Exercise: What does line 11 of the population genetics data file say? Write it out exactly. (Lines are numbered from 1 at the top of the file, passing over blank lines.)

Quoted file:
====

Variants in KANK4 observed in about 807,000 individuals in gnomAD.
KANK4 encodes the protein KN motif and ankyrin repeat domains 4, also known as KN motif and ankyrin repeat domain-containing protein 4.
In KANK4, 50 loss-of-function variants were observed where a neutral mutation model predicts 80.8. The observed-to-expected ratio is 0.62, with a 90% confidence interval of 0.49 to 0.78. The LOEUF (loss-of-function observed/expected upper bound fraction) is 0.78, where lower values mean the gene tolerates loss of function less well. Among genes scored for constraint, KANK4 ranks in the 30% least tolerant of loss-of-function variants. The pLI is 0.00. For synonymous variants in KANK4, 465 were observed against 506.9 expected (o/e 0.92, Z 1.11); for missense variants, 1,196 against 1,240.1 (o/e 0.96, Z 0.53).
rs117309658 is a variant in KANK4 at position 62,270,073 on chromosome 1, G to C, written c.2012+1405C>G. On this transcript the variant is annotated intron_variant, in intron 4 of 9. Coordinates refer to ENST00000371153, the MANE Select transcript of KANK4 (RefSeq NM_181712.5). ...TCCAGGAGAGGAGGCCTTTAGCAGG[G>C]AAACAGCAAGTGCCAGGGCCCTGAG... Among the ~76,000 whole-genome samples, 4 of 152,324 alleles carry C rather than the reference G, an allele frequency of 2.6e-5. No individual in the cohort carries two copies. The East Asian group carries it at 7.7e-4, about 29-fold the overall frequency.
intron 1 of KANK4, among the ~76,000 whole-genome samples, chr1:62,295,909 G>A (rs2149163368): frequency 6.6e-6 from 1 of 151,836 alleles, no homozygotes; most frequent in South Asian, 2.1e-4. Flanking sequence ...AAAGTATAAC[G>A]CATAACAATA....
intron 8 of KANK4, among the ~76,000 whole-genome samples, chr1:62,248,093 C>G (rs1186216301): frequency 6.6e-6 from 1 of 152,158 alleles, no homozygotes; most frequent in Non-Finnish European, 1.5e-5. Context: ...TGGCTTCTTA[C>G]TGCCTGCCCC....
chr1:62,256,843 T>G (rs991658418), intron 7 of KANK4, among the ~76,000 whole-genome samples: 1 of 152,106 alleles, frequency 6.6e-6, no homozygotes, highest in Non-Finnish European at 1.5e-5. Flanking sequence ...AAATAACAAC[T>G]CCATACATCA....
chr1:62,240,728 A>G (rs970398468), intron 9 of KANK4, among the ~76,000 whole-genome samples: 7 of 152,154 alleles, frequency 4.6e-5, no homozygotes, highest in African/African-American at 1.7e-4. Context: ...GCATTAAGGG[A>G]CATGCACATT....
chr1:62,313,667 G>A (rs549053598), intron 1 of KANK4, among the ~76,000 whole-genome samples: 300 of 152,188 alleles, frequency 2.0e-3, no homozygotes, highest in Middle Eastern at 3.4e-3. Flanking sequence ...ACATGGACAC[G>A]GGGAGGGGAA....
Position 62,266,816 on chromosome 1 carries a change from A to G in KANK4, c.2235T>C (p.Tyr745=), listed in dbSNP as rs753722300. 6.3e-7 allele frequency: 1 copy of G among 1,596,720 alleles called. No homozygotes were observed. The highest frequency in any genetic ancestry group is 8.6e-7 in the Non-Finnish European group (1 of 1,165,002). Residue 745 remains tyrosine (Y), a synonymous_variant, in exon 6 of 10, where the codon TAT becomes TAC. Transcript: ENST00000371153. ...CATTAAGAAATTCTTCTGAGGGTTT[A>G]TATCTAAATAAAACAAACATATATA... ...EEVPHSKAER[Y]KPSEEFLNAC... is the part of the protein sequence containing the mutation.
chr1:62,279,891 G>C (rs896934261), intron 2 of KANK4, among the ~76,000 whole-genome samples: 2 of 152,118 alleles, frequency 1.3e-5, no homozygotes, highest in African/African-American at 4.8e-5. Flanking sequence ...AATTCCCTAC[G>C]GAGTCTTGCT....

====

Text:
chr1:62,279,891 G>C (rs896934261), intron 2 of KANK4, among the ~76,000 whole-genome samples: 2 of 152,118 alleles, frequency 1.3e-5, no homozygotes, highest in African/African-American at 4.8e-5. Flanking sequence ...AATTCCCTAC[G>C]GAGTCTTGCT....